Part 1 was a discussion of ways you can help your child and yourself deal with anxiety. Stress and anxiety are expected in situations like our current confinement. You need to have things in place to held deal with them. Don’t just wait until they boil over.
In Part 2, the importance of organizing time and activities was highlighted. I realize when you’re stressed it’s hard to get organized but please do it for your child(ren). I’ve seen that even knowledgeable, highly skilled parents of kids with self-regulation challenges are forgetting/avoiding this.
Don’t let your children just binge on the same thing for hours on end. That’s not doing them any favors. It can keep them occupied but, you have to think about what life’s going to be like at the end of this school closure. Your children are going back to school routines and schedules. It’ll be a massive shock to them if they go from free-flow, do-what-interests-you to set schedules. If you want to truly help your child, set up a schedule. It doesn’t have to be elaborate but it should involve a variety of activities, some they love and some that are just okay.
Don’t just wing it. Use a visual schedule. Remember that a lot of children have difficulty with working memory. That means they can’t hold a lot of information in their memories at the same time. By making a visual schedule, they can check back to make sure they’re on track. It lets them be more independent – you don’t have to be reminding over and over.
Here are some things you need to do when making a schedule:
- Decide what activities your child would like to do, what they can do, and what they need to do. You’ll need to ask your child what they’d like to do – what are their favorite things? Then decide which things they can do on their own and what ones will need your input. Choose a mix – some favorites, some they can do without your help, some new things they need to learn.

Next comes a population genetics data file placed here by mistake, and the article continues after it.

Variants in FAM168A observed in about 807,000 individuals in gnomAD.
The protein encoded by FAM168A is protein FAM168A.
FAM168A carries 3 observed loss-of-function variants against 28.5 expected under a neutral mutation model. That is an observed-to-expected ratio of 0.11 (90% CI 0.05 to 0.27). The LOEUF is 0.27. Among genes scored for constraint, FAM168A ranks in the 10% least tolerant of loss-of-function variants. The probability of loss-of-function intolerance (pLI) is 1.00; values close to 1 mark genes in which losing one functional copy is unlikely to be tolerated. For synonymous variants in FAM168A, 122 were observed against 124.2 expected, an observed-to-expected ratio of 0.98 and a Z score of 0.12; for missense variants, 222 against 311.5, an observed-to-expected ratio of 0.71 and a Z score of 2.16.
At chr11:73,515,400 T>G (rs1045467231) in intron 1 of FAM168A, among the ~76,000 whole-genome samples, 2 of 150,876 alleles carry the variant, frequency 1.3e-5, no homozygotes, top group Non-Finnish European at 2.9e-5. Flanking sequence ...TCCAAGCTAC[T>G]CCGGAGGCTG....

- Make pictures of each activity. Get your child involved in this by having them draw pictures of each activity. You can also find pictures online or in magazines. Each picture should be no more than 2 inches by 2 inches (about 5 cms by 5 cms). Glue each picture to a piece of cardboard (old cereal or other box is fine). Print the name of the activity on it. Then, cover the whole thing in clear tape. That’ll make it last longer.
- Decide how many activities to show on the schedule. Some children do better with just two things on their schedule – do this first and then that. Other children can handle longer schedules. Think about how many things your child can do independently, add a couple of things where they need help, and start there. Increase the number of activities over time so you can get them less and less dependent on you.
- Make the schedule. Cut out one of the schedules below or make your own – there are only three spaces for activities on the longer schedule because of space restrictions. Glue the schedule on to a piece of cardboard. Cover in clear tape if you want it to last. Also, if you have non-permanent markers, you can write on the taped-up schedule and then erase it.
5. Decide on the order of activities with your child. Show your child pictures for all the activities they’re going to do. Let them decide the order of things but make sure they do one fun or easy activity followed by something a little more challenging followed by another easy one.
6. Decide how long to do each activity. Use this table to help you figure out how long each section of your schedule should be.
7. Follow the schedule. Follow the schedule – making sure your child does an activity for just the number of minutes you decided on. But, if your child is getting bogged down or feeling a little too frustrated, tell them what you’re seeing – “It looks like that’s a little too hard/frustrating/long for right now. We can change our mind. How about we finish/change that and do the next thing?” This will help your child put a name to their feelings at that moment. Also, you’ve helped them learn about flexibility – you can change things even though it’s on the schedule.
Please please please get your schedules going.
Let me know how it’s working (or not) for you. Just email at email@example.com I’ll get back to you quickly – I’m in lockdown too!!